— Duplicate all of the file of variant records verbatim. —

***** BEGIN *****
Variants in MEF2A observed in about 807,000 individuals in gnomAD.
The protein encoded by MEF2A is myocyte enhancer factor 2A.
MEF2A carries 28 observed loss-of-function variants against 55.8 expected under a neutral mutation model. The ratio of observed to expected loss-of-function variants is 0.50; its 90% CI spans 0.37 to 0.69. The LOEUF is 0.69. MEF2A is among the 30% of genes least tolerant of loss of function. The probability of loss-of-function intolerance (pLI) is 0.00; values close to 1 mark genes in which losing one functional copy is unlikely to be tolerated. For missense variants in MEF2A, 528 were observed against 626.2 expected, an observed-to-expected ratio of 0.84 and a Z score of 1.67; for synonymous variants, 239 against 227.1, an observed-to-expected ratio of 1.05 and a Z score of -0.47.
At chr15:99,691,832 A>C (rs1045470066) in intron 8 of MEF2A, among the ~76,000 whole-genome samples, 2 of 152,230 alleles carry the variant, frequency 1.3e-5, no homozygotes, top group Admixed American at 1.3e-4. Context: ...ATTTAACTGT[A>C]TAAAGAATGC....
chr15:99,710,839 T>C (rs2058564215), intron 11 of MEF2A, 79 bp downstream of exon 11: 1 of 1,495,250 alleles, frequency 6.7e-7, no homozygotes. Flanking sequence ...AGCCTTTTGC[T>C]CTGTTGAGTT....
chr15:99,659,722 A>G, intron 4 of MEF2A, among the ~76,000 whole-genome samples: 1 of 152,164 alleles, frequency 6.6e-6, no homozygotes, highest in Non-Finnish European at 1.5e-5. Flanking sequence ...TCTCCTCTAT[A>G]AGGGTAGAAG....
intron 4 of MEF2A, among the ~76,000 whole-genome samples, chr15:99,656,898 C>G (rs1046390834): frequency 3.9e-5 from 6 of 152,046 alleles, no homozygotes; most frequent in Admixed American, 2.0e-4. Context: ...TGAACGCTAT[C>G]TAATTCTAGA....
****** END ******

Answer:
Variants in MEF2A observed in about 807,000 individuals in gnomAD.
The protein encoded by MEF2A is myocyte enhancer factor 2A.
MEF2A carries 28 observed loss-of-function variants against 55.8 expected under a neutral mutation model. The ratio of observed to expected loss-of-function variants is 0.50; its 90% CI spans 0.37 to 0.69. The LOEUF is 0.69. MEF2A is among the 30% of genes least tolerant of loss of function. The probability of loss-of-function intolerance (pLI) is 0.00; values close to 1 mark genes in which losing one functional copy is unlikely to be tolerated. For missense variants in MEF2A, 528 were observed against 626.2 expected, an observed-to-expected ratio of 0.84 and a Z score of 1.67; for synonymous variants, 239 against 227.1, an observed-to-expected ratio of 1.05 and a Z score of -0.47.
At chr15:99,691,832 A>C (rs1045470066) in intron 8 of MEF2A, among the ~76,000 whole-genome samples, 2 of 152,230 alleles carry the variant, frequency 1.3e-5, no homozygotes, top group Admixed American at 1.3e-4. Context: ...ATTTAACTGT[A>C]TAAAGAATGC....
chr15:99,710,839 T>C (rs2058564215), intron 11 of MEF2A, 79 bp downstream of exon 11: 1 of 1,495,250 alleles, frequency 6.7e-7, no homozygotes. Flanking sequence ...AGCCTTTTGC[T>C]CTGTTGAGTT....
chr15:99,659,722 A>G, intron 4 of MEF2A, among the ~76,000 whole-genome samples: 1 of 152,164 alleles, frequency 6.6e-6, no homozygotes, highest in Non-Finnish European at 1.5e-5. Flanking sequence ...TCTCCTCTAT[A>G]AGGGTAGAAG....
intron 4 of MEF2A, among the ~76,000 whole-genome samples, chr15:99,656,898 C>G (rs1046390834): frequency 3.9e-5 from 6 of 152,046 alleles, no homozygotes; most frequent in Admixed American, 2.0e-4. Context: ...TGAACGCTAT[C>G]TAATTCTAGA....